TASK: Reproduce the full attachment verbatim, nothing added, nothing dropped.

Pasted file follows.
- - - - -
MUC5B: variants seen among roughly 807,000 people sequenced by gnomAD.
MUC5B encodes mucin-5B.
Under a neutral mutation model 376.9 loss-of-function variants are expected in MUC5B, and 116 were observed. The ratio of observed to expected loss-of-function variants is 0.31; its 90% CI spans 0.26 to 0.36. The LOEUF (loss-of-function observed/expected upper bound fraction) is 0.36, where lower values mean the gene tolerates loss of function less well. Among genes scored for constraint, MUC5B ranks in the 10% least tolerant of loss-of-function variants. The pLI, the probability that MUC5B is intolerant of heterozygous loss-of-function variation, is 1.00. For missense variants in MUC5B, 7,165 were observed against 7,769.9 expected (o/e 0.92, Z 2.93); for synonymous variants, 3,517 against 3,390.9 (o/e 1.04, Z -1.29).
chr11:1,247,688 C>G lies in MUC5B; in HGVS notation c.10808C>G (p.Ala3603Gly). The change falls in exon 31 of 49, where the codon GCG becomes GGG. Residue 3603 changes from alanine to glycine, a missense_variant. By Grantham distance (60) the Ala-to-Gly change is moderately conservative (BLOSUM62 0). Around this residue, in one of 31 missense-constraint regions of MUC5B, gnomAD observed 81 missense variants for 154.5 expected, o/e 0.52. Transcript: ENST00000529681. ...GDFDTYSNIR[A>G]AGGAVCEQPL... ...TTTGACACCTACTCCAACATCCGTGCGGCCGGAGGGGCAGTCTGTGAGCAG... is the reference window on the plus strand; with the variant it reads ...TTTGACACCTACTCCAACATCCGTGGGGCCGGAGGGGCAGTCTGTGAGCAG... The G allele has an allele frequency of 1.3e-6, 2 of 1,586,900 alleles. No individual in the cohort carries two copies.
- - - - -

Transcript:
MUC5B: variants seen among roughly 807,000 people sequenced by gnomAD.
MUC5B encodes mucin-5B.
Under a neutral mutation model 376.9 loss-of-function variants are expected in MUC5B, and 116 were observed. The ratio of observed to expected loss-of-function variants is 0.31; its 90% CI spans 0.26 to 0.36. The LOEUF (loss-of-function observed/expected upper bound fraction) is 0.36, where lower values mean the gene tolerates loss of function less well. Among genes scored for constraint, MUC5B ranks in the 10% least tolerant of loss-of-function variants. The pLI, the probability that MUC5B is intolerant of heterozygous loss-of-function variation, is 1.00. For missense variants in MUC5B, 7,165 were observed against 7,769.9 expected (o/e 0.92, Z 2.93); for synonymous variants, 3,517 against 3,390.9 (o/e 1.04, Z -1.29).
chr11:1,247,688 C>G lies in MUC5B; in HGVS notation c.10808C>G (p.Ala3603Gly). The change falls in exon 31 of 49, where the codon GCG becomes GGG. Residue 3603 changes from alanine to glycine, a missense_variant. By Grantham distance (60) the Ala-to-Gly change is moderately conservative (BLOSUM62 0). Around this residue, in one of 31 missense-constraint regions of MUC5B, gnomAD observed 81 missense variants for 154.5 expected, o/e 0.52. Transcript: ENST00000529681. ...GDFDTYSNIR[A>G]AGGAVCEQPL... ...TTTGACACCTACTCCAACATCCGTGCGGCCGGAGGGGCAGTCTGTGAGCAG... is the reference window on the plus strand; with the variant it reads ...TTTGACACCTACTCCAACATCCGTGGGGCCGGAGGGGCAGTCTGTGAGCAG... The G allele has an allele frequency of 1.3e-6, 2 of 1,586,900 alleles. No individual in the cohort carries two copies.